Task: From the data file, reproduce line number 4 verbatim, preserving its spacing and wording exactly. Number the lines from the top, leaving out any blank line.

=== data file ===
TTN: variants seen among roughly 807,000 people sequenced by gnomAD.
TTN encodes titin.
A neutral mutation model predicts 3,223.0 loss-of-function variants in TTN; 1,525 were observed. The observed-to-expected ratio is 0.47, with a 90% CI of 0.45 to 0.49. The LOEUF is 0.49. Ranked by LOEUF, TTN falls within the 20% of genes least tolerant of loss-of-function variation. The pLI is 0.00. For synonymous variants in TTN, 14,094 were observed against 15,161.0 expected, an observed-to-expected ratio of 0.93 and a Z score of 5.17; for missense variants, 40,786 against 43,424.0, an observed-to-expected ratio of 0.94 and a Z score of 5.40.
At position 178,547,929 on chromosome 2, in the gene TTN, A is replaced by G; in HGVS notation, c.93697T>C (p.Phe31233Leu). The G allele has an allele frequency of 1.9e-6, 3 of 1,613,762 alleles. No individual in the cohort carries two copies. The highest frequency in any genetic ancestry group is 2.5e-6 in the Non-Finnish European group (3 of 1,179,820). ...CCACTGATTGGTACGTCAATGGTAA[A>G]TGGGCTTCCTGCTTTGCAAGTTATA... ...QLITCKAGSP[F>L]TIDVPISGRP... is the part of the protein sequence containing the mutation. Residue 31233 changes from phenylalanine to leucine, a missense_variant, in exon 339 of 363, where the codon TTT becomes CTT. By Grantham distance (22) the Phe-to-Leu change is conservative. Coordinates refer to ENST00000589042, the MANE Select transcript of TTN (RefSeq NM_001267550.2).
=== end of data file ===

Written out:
At position 178,547,929 on chromosome 2, in the gene TTN, A is replaced by G; in HGVS notation, c.93697T>C (p.Phe31233Leu). The G allele has an allele frequency of 1.9e-6, 3 of 1,613,762 alleles. No individual in the cohort carries two copies. The highest frequency in any genetic ancestry group is 2.5e-6 in the Non-Finnish European group (3 of 1,179,820). ...CCACTGATTGGTACGTCAATGGTAA[A>G]TGGGCTTCCTGCTTTGCAAGTTATA... ...QLITCKAGSP[F>L]TIDVPISGRP... is the part of the protein sequence containing the mutation. Residue 31233 changes from phenylalanine to leucine, a missense_variant, in exon 339 of 363, where the codon TTT becomes CTT. By Grantham distance (22) the Phe-to-Leu change is conservative. Coordinates refer to ENST00000589042, the MANE Select transcript of TTN (RefSeq NM_001267550.2).